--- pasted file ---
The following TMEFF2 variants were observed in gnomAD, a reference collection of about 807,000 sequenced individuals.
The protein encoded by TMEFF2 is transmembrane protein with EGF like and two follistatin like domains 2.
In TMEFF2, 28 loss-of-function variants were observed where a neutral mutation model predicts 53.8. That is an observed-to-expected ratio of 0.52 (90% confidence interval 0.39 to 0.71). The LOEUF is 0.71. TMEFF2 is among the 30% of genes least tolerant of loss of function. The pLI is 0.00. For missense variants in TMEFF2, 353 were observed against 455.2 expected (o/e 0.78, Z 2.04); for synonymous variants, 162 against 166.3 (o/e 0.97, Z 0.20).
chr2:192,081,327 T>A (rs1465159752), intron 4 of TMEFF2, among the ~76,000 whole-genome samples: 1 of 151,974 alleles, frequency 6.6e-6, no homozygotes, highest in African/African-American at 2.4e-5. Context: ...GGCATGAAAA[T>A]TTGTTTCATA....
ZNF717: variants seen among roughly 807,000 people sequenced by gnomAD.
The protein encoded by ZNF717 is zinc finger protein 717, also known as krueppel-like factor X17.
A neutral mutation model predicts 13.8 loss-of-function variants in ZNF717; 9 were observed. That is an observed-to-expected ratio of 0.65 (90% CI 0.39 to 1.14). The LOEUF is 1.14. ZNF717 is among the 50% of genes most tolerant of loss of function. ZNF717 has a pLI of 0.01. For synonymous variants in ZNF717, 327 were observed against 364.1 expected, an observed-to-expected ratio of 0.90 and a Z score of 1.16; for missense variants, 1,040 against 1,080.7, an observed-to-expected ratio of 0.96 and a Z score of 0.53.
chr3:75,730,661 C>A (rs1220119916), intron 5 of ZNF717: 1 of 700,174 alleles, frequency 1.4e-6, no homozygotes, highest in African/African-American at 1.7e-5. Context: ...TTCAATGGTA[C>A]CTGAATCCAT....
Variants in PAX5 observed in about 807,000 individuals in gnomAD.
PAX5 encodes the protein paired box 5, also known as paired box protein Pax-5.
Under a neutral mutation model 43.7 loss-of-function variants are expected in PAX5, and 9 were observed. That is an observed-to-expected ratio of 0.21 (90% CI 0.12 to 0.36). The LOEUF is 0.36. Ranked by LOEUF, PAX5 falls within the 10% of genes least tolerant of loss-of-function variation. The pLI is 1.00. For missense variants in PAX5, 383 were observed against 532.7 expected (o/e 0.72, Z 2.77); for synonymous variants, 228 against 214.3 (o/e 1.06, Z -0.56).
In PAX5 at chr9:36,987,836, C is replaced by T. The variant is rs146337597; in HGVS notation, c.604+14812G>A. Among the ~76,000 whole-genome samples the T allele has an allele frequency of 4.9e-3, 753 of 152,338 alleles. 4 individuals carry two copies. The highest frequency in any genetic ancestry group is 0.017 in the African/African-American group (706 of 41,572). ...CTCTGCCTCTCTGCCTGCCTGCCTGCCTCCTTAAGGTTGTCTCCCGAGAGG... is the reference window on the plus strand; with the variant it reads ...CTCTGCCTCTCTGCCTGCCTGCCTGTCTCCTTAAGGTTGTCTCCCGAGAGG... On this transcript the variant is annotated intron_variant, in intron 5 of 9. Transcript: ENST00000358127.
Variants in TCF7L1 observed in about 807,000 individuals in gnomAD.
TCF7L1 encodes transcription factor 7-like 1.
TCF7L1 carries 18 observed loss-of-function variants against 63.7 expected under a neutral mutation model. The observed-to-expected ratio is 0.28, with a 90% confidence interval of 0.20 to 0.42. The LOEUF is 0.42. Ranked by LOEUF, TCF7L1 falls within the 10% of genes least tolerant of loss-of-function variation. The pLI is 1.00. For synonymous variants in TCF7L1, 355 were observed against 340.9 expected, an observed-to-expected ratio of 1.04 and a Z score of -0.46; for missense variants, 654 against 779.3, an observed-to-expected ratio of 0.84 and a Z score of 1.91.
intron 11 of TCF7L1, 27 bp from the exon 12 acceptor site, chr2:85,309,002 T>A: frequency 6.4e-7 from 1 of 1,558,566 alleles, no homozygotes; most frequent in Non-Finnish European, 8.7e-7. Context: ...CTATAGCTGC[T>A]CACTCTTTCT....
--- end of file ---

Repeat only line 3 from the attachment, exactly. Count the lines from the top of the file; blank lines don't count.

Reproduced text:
In TMEFF2, 28 loss-of-function variants were observed where a neutral mutation model predicts 53.8. That is an observed-to-expected ratio of 0.52 (90% confidence interval 0.39 to 0.71). The LOEUF is 0.71. TMEFF2 is among the 30% of genes least tolerant of loss of function. The pLI is 0.00. For missense variants in TMEFF2, 353 were observed against 455.2 expected (o/e 0.78, Z 2.04); for synonymous variants, 162 against 166.3 (o/e 0.97, Z 0.20).